The time loss effect in gaming: an exploration of gamers' time perception from a dual-process perspective

Nuyens, F.M. ORCID: 0000-0002-8125-5229, 2019. The time loss effect in gaming: an exploration of gamers' time perception from a dual-process perspective. PhD, Nottingham Trent University.

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Abstract

Gaming Disorder has been included in the 11th revision of the World Health Organization's International Classification of Diseases as a recurrent gaming behaviour with a lack of control from the gamer. One important aspect of gaming disorder, and gaming in general, is the time loss effect which can be defined as the underestimation of the time spent on an activity (i.e., gaming in this case). Since this process may lead the gamers to experience multiple negative consequences (e.g., conflicts with education and occupation, relationship problems, etc.) due to the increased time spent on videogames, the main objective of this thesis was to explore a potential underlying mechanism of time loss: time perception. This thesis contributed to knowledge by (i) systematically reviewing the variables commonly associated with both gaming (i.e., healthy and disordered) and time perception, allowing a deeper understanding of these two variables’ interaction; (ii) testing the Dual-Process Contingency Model of time perception within durations above one minute; (iii) testing both the prospective and retrospective time perception of the gamers in comparison to non-gamers in a neutral setting; and (iv) testing how emotion and cognition affect the gamers’ retrospective time perception.

The new primary data from this thesis were collected using quantitative approaches, utilizing both experimental (i.e., computer tasks) and psychometric (i.e., online survey) data collection. These data from three experimental studies and one psychometric study were analysed through multiple types of analysis such as ANOVAs, regressions, or general linear models. The results first indicated that the Dual-Process Contingency Model of time perception, unifying RTP and PTP, was not valid for longer time durations. Second, the results showed that the gamers exhibited a better PTP (but a similar RTP) than non-gamers when estimating time in a neutral setting. However, the gamers underestimated time when processing gaming pictures, this effect being stronger when the task to complete was more complicated. In conclusion, it appears from the studies carried out that the reason underlying the observed time loss effect experienced by gamers was impaired retrospective time perception occurring when aroused by gaming stimuli.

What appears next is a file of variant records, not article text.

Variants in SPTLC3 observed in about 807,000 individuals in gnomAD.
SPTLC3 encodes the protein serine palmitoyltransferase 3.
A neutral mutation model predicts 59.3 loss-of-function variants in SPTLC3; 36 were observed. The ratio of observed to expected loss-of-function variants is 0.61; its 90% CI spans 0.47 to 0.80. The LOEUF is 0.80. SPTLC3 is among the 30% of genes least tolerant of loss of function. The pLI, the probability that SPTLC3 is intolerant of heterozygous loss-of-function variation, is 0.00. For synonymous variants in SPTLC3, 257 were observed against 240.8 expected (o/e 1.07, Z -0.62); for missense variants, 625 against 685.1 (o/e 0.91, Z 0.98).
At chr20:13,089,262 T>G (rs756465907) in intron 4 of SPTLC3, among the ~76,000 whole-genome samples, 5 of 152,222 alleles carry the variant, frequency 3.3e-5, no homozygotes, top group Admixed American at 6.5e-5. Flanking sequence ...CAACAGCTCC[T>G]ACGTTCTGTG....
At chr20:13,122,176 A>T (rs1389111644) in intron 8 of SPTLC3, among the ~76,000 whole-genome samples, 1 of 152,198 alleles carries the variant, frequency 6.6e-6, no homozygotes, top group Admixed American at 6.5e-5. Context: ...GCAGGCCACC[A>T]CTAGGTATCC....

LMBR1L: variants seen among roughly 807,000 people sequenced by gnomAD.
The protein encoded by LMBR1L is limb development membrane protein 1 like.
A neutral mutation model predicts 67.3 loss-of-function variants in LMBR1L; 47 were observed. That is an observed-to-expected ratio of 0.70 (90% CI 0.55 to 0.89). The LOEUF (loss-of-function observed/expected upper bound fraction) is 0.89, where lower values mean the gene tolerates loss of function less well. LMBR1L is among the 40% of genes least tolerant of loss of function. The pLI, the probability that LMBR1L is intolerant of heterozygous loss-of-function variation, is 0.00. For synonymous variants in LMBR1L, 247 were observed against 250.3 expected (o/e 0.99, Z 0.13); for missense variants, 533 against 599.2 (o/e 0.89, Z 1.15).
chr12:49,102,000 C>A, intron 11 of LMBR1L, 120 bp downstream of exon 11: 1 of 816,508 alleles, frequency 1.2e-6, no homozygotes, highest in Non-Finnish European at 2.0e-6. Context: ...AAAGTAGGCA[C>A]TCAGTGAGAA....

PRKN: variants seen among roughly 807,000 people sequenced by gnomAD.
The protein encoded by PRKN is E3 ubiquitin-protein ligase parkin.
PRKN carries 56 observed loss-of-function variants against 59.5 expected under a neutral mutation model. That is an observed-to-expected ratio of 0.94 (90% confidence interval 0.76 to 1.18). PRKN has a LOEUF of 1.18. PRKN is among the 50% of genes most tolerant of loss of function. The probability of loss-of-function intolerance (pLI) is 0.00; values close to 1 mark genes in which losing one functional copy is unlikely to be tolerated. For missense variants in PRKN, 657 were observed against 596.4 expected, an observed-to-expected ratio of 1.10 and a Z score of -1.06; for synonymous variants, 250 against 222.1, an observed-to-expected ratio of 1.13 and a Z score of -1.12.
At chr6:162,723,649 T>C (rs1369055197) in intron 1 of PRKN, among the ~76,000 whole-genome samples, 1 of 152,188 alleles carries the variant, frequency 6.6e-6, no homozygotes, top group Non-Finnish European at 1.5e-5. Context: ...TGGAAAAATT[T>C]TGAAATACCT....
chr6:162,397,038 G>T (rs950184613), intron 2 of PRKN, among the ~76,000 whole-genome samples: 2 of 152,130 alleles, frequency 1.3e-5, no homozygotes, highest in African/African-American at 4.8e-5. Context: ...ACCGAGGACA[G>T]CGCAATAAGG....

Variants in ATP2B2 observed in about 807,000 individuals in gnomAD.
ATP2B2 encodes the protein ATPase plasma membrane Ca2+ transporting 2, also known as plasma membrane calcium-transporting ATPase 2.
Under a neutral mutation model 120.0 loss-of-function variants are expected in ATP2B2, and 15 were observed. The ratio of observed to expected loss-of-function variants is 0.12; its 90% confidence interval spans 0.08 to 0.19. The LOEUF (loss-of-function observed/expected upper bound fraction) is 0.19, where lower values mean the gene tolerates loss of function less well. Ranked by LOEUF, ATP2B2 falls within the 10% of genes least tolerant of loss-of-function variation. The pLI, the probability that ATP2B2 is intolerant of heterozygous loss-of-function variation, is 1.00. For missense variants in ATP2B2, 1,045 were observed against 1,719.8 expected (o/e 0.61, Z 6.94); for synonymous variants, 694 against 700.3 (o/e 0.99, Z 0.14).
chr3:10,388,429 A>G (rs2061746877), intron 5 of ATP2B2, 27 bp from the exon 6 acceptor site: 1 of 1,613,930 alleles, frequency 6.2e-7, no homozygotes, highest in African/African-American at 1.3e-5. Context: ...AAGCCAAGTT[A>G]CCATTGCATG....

Item Type: Thesis
Creators: Nuyens, F.M.
Date: November 2019
Rights: This work is the intellectual property of the author. You may copy up to 5% of this work for private study, or personal, non-commercial research. Any re-use of this information contained within the document should be fully referenced, quoting the author, title, university, degree level and pagination. Queries or requests for any other use, or if a more substantial copy is required, should be directed to the owner(s) of the Intellectual Property Rights.
Divisions: Schools > School of Social Sciences
Depositing User: Linda Sullivan
Date Added: 25 Mar 2020 12:12
Last Modified: 25 Mar 2020 12:12
URI: http://irep.ntu.ac.uk/id/eprint/39483

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